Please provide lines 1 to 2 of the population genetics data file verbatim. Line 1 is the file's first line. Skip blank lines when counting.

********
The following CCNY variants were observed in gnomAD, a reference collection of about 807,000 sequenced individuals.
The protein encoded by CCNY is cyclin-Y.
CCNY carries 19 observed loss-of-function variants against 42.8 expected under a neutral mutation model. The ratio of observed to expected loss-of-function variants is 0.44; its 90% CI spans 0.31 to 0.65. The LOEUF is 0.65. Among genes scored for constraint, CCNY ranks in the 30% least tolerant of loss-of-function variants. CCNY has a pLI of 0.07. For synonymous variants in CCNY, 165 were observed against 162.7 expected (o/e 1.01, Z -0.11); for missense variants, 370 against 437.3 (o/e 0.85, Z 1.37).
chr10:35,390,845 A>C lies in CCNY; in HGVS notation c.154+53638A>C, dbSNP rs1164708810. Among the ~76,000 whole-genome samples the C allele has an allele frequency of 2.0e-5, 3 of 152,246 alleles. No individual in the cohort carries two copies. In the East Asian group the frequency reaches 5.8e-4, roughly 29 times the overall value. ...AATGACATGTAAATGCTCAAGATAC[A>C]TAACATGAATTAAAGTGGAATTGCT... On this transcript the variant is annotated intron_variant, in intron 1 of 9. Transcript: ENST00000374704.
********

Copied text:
The following CCNY variants were observed in gnomAD, a reference collection of about 807,000 sequenced individuals.
The protein encoded by CCNY is cyclin-Y.